Have you ever wondered, why are whales so large? It’s an obvious question to ask because they are so much bigger than any other sea creature or even any other animal on earth. The short answer is it’s to do with a combination of food, gravity, and temperature.
The first secret to their size is simply a combination of their ability to consume large amounts of food with the abundance and availability of their favourite food supply. Blue whales are the largest animals to have ever roamed the planet. They are twice as big as the biggest dinosaurs, the length of a basketball court and as heavy as 40 African elephants. The size of these majestic mammals are amazing and they become this size by feeding exclusively on the smallest of the sea-dwelling creatures called Krill. Even though krill are extremely small they are always found in dense patches making it easier for whales to feed. For increased efficiency, blue whales have evolved to use a feeding strategy called lunge feeding. This is when the whales accelerate towards the patch of Krill and open its mouth wide. The size of the whale’s mouth enables the whale to engulf large quantities of food. With each gulp, the whale will consume around 480,000 calories. The fin whale, which is almost as big as a blue whale, needs about 900 kg of food each day to keep its 60-tonne body alive. That’s about 83 gulps, swallowing for up to three hours of their day.
Let’s look at the largest land animal, the elephant. When you combine gravity and the fact that these mammals need to walk on 4 legs there is a limit to how large these animals can grow so they can support their own weight. If they grew too large then simply their legs would not handle the weight. In water the situation is different. Buoyancy counteracts the gravitational pull on the body and the weight is essentially supported by the water. This makes for a great place for species that want to grow large. The lack of gravity has allowed whales to grow larger than any land animal.
Whales are mammals, just like Bears, Monkeys, and us humans. All mammals have a fixed body temperature, which is maintained through a process called thermoregulation. When a mammal’s body temperature drops below an optimum level, they lose their ability to function properly, So, mammals have to consume food, to make energy, to keep warm. But, whales are marine mammals, and underwater it’s a bit more complicated due to physics and geometry.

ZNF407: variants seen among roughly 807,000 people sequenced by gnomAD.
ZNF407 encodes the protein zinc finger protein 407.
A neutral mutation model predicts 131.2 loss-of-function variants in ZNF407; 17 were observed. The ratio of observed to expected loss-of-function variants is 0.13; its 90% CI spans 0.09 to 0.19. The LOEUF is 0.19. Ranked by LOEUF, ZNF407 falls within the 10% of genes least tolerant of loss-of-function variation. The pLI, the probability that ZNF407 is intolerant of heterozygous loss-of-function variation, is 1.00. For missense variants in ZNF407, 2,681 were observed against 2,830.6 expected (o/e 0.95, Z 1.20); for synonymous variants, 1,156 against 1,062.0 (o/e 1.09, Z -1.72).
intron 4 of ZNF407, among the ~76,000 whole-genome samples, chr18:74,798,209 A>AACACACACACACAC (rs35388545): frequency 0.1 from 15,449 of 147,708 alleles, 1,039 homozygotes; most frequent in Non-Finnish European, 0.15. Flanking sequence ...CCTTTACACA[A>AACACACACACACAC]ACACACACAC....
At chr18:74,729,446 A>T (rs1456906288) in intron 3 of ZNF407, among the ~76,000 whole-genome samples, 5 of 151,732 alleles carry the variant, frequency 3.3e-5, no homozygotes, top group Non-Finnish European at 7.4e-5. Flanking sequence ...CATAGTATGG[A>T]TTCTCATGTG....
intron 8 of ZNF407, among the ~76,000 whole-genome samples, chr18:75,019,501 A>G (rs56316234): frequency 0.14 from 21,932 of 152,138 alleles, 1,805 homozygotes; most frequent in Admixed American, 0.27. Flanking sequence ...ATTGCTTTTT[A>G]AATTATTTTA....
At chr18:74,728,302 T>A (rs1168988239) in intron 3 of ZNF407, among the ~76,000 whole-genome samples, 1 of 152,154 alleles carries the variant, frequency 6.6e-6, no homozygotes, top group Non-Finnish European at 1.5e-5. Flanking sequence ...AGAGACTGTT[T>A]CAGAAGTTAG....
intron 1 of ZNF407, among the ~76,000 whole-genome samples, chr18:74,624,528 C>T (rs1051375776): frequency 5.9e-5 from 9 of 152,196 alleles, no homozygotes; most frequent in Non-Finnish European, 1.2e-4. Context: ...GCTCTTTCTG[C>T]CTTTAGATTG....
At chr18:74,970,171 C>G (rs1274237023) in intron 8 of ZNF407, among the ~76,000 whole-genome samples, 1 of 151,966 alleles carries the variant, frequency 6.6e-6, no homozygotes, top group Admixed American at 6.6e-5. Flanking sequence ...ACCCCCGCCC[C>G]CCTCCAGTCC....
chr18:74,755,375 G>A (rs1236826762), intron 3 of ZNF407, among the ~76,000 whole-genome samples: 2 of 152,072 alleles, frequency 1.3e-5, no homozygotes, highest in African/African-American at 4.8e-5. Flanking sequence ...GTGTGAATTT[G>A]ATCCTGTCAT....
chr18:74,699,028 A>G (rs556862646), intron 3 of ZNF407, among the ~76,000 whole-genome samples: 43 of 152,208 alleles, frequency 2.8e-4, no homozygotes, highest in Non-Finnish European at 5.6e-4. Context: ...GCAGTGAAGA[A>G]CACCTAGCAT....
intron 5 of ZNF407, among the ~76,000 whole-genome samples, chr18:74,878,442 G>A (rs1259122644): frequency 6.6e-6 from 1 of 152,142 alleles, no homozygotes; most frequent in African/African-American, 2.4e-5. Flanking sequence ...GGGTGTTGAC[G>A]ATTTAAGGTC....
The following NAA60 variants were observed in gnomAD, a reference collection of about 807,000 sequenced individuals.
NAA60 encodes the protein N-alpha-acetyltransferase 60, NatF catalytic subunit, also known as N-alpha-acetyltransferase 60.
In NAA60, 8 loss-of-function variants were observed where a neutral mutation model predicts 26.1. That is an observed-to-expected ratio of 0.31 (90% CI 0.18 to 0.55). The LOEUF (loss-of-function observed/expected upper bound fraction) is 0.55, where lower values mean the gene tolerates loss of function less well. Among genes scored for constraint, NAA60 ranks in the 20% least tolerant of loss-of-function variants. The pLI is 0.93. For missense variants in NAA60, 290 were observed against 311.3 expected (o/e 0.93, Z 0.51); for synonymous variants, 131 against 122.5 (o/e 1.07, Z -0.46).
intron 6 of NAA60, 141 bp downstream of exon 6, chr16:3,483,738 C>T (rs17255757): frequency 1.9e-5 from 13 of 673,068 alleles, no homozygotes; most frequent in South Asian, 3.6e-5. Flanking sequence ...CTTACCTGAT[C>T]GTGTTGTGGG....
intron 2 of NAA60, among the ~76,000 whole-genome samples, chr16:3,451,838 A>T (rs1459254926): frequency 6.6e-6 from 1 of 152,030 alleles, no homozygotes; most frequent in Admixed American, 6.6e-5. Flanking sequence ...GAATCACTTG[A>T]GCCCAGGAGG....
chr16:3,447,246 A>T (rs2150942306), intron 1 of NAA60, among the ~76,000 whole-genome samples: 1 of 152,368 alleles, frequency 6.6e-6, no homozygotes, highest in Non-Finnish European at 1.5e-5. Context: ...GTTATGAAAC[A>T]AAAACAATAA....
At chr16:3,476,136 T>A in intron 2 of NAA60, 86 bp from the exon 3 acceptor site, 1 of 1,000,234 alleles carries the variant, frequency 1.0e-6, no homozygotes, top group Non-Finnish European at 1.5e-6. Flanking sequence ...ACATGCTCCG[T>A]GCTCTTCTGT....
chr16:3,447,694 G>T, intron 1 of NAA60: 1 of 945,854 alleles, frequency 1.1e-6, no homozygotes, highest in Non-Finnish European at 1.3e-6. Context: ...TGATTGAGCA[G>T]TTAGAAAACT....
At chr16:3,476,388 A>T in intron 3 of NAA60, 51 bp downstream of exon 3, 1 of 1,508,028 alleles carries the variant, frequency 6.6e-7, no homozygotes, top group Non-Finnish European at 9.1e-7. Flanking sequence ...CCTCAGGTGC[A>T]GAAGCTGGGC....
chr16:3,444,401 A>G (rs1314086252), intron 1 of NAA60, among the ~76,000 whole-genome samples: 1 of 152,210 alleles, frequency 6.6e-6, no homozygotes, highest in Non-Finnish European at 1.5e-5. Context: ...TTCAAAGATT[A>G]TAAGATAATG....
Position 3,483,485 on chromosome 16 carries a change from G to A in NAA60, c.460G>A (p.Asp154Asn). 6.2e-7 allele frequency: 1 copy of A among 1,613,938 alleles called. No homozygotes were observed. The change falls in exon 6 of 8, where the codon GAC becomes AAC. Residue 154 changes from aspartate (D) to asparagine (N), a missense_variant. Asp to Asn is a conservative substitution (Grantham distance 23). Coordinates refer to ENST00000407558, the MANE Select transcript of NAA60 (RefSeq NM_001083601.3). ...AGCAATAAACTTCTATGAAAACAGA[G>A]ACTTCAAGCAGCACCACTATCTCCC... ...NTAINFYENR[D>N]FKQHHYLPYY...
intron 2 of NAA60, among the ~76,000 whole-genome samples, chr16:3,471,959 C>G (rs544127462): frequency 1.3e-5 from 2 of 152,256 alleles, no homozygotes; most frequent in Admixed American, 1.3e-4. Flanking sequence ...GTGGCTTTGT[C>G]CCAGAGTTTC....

Physics tells us that water conducts or shifts heat a lot better than air does. So while you can walk around comfortably all day in the air that is at 15 degrees Celsius, you would start shivering after less than half-an-hour if you were in the water at 15 degrees Celsius. Most mammals just can’t generate enough heat to make up for what they lose in the water.
And geometry explains why bigger is better for maintaining body heat. The bigger you are, the less surface area you have, relative to your volume. Why is this important? Well, you lose heat from your surface, and you generate heat from your mass (and hence your volume). So for a mammal to survive in water, you need lots of volume, but not much surface area, and you get this by growing bigger. Whales have kept growing to their current size because it was necessary for survival. The biggest whales are actually close to their potential maximum size.
But hang on, one last question needs to be answered. Why are marine mammals so much bigger than fish? How come fish of any size are fine living in water? The physiology for fish is easy. Their body temperature is the same as that of the water around them. Their physiology runs perfectly well, even if they’re a little colder or warmer than normal.
Another idea is that the large size, along with a layer of thick blubber insulation, helps the whale stay warm in the water. Typically, large animals tend to lose body heat slower than small animals.
And of course, being the biggest animal in the ocean can also help ward off potential predators. It turns out being a giant in the deep serves a whale pretty well.